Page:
I swear, I’m not a celebrity stalker.
Sure, the first week of this blog has spent an inordinate amount of time discussing my swing-and-miss with Naomi Watts and my, well, stalker-esque pics of Watts and Sean Penn. But what’s a man to do? That’s the hand I was dealt here in Cobble Hill, so I’m playing it.
Today I went to get some work done at my favorite little neighborhood cafe, Ted & Honey. When I walked in the door, I noticed a man sitting at the counter reading a newspaper. He looked … familiar. But I couldn’t put my finger on how I knew him; I recognized the face, but from where? Was he an actor? Or just a dude I’d passed on the street before?
Truth be told, my curiosity regarding the mystery man’s identity consumed less of my time than it probably took you to read that last paragraph. It was just one of those “hmm” moments, and like that, it was gone. I ordered my coffee and set up my laptop at a table in the corner and went about my work.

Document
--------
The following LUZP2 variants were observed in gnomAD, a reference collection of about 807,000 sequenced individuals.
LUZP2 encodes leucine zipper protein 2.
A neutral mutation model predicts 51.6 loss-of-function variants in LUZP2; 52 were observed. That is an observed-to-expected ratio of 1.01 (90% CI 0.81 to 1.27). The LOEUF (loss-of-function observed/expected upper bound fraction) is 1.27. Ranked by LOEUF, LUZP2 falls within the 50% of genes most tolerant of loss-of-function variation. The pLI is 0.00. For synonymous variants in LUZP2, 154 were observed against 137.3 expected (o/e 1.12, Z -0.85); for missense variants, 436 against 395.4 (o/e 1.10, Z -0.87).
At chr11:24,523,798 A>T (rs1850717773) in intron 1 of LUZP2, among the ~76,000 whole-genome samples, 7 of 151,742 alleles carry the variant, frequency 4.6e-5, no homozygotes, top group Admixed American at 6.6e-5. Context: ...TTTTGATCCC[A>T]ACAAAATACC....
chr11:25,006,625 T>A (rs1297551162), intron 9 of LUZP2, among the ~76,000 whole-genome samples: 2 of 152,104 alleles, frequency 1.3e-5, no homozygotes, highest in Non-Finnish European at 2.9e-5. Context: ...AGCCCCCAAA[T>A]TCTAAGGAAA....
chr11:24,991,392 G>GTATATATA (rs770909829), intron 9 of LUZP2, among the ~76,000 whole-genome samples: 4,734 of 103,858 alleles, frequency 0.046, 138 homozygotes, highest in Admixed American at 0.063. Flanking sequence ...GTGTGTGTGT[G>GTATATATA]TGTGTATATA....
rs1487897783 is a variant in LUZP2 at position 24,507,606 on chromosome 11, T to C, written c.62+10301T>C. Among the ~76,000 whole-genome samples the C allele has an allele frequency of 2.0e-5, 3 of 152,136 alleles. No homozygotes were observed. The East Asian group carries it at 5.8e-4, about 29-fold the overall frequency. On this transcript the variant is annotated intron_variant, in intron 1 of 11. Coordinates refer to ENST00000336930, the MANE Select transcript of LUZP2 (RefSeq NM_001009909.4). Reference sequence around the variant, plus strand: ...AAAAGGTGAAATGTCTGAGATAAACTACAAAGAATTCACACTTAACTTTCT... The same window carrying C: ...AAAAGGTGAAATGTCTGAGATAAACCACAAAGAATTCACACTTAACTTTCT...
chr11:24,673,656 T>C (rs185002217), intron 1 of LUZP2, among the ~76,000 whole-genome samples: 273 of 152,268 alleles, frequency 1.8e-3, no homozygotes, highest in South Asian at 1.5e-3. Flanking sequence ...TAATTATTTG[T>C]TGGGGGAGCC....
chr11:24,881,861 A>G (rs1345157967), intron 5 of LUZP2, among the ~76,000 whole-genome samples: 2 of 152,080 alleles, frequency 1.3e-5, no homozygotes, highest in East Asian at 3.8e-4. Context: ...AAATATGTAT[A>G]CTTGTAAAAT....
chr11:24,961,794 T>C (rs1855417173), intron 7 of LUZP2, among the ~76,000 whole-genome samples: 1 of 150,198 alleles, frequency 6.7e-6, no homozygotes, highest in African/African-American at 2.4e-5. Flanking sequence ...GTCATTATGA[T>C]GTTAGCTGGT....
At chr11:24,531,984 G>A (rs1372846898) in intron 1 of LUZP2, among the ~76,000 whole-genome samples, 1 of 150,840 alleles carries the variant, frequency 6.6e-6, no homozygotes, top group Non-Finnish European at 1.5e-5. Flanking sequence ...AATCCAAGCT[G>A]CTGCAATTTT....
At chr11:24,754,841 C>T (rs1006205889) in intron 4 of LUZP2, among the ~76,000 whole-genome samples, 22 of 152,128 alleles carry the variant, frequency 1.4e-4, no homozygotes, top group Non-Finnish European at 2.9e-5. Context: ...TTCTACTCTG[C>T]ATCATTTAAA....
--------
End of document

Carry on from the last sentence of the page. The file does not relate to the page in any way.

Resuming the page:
It wasn’t until I heard a couple of customers talking to the barista just moments after the mystery man left that my interest was truly piqued. I only caught part of the conversation, but they were talking about the man: the customers recognized him and the barista confirmed his identity, adding that he lived in the area.
One problem: I didn’t catch his name.
Ah, thank goodness for google. The man in question happens to be Brooklyn Heights resident Gabriel Byrne. Byrne, to me, is one of those “I know that guy!” actors. You know, the dude who you see in like a million things but you never really seem to know his name or where you know him from. Byrne’s biggest role was as Dean Keaton in “The Usual Suspects” and currently he stars in the HBO show “In Treatment.” Not sure what kind of neighbor he is, but according to an interview he did with The Washington Post, the Irishman’s not a big fan of his current home:
“People talk about the fabled energy of New York,” Byrne says. “I’ve never liked that energy. I’m not just saying this because I’m in Washington, but Washington seems to me to be immediately a more human-scaled city. I don’t like being dwarfed by huge buildings. I’ve never been a really big fan of those enormous skyscrapers. . . . So I wouldn’t say I’ll be long in New York.”
By the way, that interview was done nearly three years ago.
New York is a strange place. How many other cities can you think of where celebrities blend into the background, barely even noticed?
Even by a celebrity stalker.